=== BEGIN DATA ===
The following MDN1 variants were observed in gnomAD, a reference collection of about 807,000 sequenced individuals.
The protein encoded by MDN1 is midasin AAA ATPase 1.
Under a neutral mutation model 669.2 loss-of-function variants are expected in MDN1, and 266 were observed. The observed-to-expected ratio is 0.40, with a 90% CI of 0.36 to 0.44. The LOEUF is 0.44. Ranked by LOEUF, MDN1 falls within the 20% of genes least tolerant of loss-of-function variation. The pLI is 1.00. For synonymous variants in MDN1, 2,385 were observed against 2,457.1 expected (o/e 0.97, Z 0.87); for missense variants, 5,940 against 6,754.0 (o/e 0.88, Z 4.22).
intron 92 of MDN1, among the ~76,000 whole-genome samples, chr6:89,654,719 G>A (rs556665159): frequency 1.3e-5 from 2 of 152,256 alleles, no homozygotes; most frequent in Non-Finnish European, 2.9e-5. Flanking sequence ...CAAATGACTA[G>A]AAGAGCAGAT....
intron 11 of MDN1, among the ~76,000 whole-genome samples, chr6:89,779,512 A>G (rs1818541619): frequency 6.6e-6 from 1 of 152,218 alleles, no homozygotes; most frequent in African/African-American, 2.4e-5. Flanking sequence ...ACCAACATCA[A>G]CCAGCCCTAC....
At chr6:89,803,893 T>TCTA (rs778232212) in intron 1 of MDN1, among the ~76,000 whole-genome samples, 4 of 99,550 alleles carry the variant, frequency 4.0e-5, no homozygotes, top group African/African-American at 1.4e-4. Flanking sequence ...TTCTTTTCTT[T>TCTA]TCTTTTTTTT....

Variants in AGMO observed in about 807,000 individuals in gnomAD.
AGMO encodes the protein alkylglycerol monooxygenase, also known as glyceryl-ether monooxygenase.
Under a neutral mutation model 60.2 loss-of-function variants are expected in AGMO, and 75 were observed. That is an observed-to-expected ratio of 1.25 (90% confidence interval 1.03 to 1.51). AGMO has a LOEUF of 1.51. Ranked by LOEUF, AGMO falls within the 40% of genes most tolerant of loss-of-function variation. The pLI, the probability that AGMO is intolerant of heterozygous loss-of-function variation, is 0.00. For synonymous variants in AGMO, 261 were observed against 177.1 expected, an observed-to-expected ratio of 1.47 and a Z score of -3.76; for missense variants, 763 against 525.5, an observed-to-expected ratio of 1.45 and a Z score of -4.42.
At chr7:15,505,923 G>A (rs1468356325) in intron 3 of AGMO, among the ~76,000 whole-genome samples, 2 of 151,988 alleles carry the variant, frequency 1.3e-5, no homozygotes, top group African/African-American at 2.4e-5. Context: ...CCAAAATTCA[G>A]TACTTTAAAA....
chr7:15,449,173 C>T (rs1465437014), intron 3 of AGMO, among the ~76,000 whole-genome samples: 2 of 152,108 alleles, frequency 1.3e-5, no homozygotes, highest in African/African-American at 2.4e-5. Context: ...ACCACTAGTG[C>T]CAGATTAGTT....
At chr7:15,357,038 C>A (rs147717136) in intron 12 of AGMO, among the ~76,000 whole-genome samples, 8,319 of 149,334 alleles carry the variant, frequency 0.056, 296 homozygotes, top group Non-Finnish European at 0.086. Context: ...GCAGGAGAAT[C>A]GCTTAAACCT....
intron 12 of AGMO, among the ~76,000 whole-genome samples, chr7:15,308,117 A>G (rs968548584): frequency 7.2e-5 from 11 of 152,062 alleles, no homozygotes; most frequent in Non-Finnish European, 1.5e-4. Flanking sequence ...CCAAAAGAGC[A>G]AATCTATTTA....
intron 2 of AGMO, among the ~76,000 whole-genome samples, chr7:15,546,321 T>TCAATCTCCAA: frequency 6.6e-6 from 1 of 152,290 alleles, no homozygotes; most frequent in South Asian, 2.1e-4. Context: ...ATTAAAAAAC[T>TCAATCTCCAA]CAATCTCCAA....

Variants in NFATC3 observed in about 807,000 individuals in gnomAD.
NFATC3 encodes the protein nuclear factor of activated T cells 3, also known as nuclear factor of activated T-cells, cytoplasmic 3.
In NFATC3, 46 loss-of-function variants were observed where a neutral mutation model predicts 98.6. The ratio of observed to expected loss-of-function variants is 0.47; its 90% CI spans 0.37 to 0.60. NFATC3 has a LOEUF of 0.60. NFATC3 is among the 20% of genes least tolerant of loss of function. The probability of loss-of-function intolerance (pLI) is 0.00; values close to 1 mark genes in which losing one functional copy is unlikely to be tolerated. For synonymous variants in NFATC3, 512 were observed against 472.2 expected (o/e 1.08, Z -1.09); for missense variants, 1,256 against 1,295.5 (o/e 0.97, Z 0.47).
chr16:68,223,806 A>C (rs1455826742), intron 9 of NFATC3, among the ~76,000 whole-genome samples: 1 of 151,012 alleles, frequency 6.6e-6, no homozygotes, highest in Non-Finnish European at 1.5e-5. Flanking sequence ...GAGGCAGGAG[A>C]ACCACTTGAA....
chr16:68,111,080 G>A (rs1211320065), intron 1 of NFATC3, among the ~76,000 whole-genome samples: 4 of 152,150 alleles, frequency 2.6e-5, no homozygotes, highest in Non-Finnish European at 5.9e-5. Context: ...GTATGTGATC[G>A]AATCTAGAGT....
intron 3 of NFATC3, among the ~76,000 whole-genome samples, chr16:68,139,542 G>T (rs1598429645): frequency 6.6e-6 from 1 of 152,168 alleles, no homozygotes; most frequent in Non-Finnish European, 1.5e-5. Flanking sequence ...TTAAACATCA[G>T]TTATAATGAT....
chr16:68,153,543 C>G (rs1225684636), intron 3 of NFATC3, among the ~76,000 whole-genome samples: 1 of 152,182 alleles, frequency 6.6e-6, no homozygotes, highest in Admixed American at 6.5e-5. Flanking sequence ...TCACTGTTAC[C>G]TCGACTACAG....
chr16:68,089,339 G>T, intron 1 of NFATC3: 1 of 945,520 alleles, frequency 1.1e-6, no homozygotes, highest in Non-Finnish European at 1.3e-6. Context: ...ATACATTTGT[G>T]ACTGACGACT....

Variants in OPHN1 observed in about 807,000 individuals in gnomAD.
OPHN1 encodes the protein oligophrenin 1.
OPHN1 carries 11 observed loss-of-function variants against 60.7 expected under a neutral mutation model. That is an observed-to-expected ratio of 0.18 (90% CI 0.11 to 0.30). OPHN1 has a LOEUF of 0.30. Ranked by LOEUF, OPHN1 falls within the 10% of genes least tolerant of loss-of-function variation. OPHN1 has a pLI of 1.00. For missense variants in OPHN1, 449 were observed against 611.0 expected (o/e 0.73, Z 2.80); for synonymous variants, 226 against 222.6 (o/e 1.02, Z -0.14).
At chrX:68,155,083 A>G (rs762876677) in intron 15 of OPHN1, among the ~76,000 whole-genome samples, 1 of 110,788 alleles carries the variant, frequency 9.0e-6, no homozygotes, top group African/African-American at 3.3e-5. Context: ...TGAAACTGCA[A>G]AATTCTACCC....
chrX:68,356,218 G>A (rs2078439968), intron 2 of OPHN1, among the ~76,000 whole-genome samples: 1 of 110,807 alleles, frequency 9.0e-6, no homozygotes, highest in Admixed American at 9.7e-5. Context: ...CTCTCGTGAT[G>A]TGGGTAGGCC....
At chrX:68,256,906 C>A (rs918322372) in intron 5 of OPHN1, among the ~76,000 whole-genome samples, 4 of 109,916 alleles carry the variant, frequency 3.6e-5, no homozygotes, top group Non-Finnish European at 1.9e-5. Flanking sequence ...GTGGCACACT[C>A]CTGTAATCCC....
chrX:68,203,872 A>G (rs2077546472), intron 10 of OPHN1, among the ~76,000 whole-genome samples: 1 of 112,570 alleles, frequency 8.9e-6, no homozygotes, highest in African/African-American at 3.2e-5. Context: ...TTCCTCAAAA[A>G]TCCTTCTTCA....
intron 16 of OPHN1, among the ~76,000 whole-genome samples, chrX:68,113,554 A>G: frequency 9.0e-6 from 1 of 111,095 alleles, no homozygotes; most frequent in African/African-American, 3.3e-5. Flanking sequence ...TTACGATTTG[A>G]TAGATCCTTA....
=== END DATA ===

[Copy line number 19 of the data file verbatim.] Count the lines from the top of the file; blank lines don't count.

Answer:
chr16:68,111,080 G>A (rs1211320065), intron 1 of NFATC3, among the ~76,000 whole-genome samples: 4 of 152,150 alleles, frequency 2.6e-5, no homozygotes, highest in Non-Finnish European at 5.9e-5. Context: ...GTATGTGATC[G>A]AATCTAGAGT....